Religion in public schools

Addressing misunderstandings about the role of religion in public schools in the United States

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Teaching about religion in schools

This graphic is from the article Religion in public schools: America is religious, but also illiterate of religion by David Ward, Deseret News, Dec. 1, 2012. An excerpt from this article:

Part of the problem is widespread misunderstanding regarding U.S. law. According to a 2010 Pew Forum survey, nearly two-thirds of Americans erroneously believe that the Constitution forbids public schools from offering a course on religion.

Charles Haynes, a senior scholar at the First Amendment Center at Vanderbilt University, said courts have ruled that schools must be neutral, but that doesn’t mean they must ignore religion. On the contrary, ignoring religion gives preferential treatment to a strictly secular worldview, he said.

Haynes, a leading expert on the issue of religious education in public schools, argues that all high school students should be required to take a world religions course. To him, it’s simply a matter of constitutional neutrality, educational necessity and civic fairness.

In his book “Religious Literacy: What Every American Needs to Know — and Doesn’t,” Boston University professor Stephen Prothero wrote, “None of the classic events in American history — the Revolution, the Civil War, the New Deal, the Reagan Revolution — can be understood without some knowledge of the religious motivations of the generals, soldiers, thinkers, politicians, and voters who made them happen.”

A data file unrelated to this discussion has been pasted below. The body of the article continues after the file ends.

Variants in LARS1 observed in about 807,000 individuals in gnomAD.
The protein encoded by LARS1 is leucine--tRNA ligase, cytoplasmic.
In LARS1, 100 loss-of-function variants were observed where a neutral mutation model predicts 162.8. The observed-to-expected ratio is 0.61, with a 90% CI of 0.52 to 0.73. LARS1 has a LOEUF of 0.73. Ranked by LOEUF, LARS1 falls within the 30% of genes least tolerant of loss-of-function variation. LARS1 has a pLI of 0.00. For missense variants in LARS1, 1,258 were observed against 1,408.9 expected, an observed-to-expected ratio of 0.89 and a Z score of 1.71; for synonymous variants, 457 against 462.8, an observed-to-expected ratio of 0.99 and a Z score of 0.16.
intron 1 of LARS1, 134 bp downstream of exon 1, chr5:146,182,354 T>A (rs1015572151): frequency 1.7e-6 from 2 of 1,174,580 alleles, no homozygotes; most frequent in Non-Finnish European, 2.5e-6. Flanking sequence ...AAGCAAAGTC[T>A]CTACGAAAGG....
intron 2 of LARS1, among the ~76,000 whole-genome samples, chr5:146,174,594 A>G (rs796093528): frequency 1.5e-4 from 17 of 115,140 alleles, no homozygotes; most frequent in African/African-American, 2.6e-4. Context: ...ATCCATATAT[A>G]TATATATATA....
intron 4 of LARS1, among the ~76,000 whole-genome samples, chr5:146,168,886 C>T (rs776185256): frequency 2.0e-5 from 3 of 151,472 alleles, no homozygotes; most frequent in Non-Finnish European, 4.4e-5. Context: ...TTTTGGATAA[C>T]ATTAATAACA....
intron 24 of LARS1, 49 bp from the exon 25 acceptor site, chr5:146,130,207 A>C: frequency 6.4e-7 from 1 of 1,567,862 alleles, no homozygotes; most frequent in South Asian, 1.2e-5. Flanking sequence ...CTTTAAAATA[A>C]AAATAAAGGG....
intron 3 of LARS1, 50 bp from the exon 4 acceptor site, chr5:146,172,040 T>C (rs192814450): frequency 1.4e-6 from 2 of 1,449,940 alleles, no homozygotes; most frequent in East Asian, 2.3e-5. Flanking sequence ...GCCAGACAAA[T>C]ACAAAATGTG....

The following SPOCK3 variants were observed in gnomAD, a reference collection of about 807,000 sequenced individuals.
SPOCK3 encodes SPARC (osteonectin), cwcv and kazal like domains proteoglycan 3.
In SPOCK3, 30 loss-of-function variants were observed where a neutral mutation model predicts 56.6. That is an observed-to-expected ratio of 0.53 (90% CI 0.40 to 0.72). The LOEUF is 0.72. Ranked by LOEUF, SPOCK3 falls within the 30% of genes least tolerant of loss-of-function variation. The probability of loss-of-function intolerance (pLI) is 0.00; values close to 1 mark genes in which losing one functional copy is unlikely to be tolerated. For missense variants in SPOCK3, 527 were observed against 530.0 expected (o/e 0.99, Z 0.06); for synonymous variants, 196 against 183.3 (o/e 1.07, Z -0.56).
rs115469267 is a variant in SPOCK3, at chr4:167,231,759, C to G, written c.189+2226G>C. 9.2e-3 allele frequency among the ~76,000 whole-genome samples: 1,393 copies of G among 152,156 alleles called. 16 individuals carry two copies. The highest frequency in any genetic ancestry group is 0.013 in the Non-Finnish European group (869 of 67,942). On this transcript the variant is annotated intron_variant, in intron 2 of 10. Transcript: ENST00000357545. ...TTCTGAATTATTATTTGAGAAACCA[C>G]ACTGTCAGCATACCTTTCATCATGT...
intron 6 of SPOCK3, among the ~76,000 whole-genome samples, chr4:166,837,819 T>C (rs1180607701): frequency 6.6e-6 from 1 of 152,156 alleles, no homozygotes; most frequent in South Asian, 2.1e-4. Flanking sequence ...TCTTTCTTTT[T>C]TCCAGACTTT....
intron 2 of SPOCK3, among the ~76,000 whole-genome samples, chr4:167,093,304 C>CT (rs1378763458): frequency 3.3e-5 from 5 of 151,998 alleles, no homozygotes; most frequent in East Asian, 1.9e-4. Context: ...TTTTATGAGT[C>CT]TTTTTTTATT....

Haynes concurs. “For better and for worse, religious convictions play a central role in shaping events in America and throughout the world,” he wrote in Kappan magazine earlier this year. Kappan is published by Phi Delta Kappa, a professional organization for educators.

“For students to be given the impression in 12 years of public schooling that they can learn everything they need to know about almost everything, and learn nothing about religion, and be educated people, is simply a bad education, and it’s unfair,” Haynes said.

Click here to open a guide which outlines the reality behind many misunderstandings: Schools indeed are allowed to teach about religion (they just may not pick one, and indoctrinate students in that faith) and students indeed are allowed to pray (but on their own, in or with their friends: students and teachers may not force a class to listen to group prayers)

Public Schools and religious communities A First Amendment Guide